It appears that in August and September, 1976, plaintiff sought from defendant the production of certain documents and answers to interrogatories relating to the admission and treatment of emergency, intensive care and cardiac patients in general, and of decedent in particular, as well as information concerning the relationship between defendant and Dr. Gurk. Defendant, without complying with plaintiff's discovery requests, filed on October 26, 1976, a request that plaintiff admit or deny that there were no facts to support the allegation that Dr. Gurk was its employee, agent or resident; that no act or omission on its part caused or contributed to the injuries and/or damages for which the suit was brought; that no expert witness will testify that any act or omission on its part or its agents or employees, caused or contributed to cause any such injuries and/or damages for which the suit was brought; and that no expert witness will testify that any act or omission on its part constituted malpractice.

Supreme Court Rule 216 (Ill. Rev. Stat. 1975, ch. 110A, par. 216) provides that facts for which an admission is requested are admitted if not denied or objected to within 28 days. In the instant case, plaintiff did not respond to defendant's request within that period but was allowed to file a late answer thereto. During oral argument before this court, plaintiff contended that when defendant failed to answer her prior discovery, it was in violation of Rule 201(e) (Ill. Rev. Stat. 1975, ch. 110A, par. 201(e)), which provides that unless otherwise ordered, discovery shall proceed sequentially, and in view thereof that the trial court properly allowed her to file her objections. Defendant takes the position that the 28-day requirement in Rule 216 is mandatory and not within the purview of judicial discretion.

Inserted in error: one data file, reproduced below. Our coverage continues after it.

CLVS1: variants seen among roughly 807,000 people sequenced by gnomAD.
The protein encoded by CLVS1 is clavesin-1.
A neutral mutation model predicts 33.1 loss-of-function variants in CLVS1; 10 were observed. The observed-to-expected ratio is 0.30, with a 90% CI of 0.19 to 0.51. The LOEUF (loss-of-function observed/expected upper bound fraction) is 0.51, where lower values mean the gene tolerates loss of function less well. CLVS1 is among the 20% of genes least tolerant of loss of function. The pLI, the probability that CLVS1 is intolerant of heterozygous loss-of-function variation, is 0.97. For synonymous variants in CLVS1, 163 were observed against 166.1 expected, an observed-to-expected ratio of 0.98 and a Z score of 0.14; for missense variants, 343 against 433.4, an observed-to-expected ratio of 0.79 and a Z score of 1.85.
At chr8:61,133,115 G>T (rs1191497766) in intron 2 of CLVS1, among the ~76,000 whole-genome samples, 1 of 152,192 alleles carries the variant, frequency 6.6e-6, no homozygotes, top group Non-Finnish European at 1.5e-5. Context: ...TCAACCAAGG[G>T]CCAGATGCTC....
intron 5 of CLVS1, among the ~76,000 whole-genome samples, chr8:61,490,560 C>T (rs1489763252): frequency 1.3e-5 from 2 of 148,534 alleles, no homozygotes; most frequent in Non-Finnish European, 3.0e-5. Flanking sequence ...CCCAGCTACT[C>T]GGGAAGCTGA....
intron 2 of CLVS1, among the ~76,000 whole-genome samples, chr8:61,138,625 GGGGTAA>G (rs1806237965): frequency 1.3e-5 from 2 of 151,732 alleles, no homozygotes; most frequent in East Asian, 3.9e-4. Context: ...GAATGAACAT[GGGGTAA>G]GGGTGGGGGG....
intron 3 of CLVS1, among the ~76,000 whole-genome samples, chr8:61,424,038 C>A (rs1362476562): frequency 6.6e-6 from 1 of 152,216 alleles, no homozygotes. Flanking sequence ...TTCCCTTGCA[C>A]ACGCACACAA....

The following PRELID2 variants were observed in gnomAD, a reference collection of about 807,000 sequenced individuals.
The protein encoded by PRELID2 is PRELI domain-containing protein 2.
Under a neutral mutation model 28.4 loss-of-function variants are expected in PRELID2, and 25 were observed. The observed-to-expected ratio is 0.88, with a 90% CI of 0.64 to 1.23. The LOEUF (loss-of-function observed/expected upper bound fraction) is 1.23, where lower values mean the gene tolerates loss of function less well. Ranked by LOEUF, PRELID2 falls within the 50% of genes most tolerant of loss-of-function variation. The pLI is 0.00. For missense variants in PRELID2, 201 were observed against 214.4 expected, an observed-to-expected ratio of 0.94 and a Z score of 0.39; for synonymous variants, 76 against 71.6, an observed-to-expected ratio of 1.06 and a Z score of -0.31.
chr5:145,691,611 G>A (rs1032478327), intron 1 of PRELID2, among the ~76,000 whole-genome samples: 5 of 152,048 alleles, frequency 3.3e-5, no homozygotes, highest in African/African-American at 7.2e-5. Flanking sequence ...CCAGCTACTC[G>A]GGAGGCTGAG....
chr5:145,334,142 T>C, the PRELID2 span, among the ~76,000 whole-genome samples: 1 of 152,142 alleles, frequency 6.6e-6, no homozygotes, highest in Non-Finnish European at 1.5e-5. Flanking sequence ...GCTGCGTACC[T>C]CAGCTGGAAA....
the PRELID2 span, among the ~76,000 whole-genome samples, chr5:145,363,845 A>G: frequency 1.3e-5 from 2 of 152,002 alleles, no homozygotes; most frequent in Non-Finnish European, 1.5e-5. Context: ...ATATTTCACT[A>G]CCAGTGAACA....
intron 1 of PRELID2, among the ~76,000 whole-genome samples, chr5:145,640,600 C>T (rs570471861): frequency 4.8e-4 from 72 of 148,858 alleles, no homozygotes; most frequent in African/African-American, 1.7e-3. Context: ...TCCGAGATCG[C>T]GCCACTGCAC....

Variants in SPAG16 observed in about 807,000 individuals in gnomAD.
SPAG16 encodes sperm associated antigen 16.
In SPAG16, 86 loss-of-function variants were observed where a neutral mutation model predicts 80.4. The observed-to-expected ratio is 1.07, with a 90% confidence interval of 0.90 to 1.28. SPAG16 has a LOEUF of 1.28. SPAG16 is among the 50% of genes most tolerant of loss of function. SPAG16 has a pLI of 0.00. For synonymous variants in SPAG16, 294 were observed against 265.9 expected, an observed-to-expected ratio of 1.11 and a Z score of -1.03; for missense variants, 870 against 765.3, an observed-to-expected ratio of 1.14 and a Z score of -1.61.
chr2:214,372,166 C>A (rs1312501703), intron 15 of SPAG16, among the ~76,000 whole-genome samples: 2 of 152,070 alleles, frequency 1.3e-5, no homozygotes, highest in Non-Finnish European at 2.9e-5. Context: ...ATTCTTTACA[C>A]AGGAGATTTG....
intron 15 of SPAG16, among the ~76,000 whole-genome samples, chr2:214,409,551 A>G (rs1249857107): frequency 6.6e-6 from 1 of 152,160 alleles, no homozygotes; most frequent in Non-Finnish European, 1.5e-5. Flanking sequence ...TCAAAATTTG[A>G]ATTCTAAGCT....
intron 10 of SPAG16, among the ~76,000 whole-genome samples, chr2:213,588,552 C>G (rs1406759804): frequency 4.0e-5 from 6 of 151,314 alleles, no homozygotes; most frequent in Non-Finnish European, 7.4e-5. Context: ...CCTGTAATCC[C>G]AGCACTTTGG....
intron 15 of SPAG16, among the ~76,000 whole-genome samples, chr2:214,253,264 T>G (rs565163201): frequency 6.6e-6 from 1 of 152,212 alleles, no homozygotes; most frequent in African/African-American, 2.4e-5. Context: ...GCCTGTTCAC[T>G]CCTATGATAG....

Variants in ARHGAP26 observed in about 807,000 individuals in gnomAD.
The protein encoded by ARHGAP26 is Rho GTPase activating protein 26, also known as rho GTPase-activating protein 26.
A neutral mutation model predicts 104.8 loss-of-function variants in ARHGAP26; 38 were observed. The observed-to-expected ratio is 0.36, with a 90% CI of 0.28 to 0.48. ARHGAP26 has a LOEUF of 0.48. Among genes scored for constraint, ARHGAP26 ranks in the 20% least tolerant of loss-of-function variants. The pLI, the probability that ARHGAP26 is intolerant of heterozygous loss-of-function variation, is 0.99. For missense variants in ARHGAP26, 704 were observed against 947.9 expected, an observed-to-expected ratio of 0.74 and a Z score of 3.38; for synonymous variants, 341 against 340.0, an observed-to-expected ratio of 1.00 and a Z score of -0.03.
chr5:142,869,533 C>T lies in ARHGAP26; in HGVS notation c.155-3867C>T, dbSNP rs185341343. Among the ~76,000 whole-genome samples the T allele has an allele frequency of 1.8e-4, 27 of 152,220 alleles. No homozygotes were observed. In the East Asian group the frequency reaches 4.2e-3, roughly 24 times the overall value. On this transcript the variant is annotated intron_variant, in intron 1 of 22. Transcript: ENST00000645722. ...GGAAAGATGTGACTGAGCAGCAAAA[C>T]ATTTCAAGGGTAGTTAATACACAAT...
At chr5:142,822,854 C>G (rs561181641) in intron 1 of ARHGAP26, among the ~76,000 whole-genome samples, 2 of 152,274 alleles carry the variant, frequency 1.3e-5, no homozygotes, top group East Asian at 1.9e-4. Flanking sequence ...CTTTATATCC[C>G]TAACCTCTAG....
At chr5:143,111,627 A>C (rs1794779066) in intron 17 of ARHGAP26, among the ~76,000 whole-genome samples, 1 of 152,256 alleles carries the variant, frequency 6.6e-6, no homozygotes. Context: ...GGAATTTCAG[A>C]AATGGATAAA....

• 8 While it is true that some courts> have declined to relieve a tardy litigant from being bound by his failure to respond to a Rule 216 request within the 28 days provided (City of Champaign v. Roseman (1958), 15 Ill.2d 363, 155 N.E.2d 34; Banks v. United Insurance Co. of America (1975), 28 Ill. App.3d 60, 328 N.E.2d 167; Crum v. Gulf Oil Corp. (1973), 12 Ill. App.3d 988, 299 N.E.2d 820), we believe that where the failure to respond within the time provided is the result of circumstances beyond the control of the litigant, such as the death or severe disability of counsel, the court could allow the filing of a late response under its inherent power to prevent injustice. We see no such situation here as plaintiff could have but did not request appropriate relief on the ground that her prior interrogatories were unanswered. See also Mangan v. Broderick & Bascom Rope Co. (7th Cir. 1965), 351 F.2d 24.

However, even were we to accept defendant's contention that the court had no discretion to allow a late filing, we view such a construction of Rule 216 as having no application here where plaintiff was granted leave to answer the request for admissions after the 28-day period and the record discloses no objection or any statement of grounds by defendant in opposition to the late filing of the answer.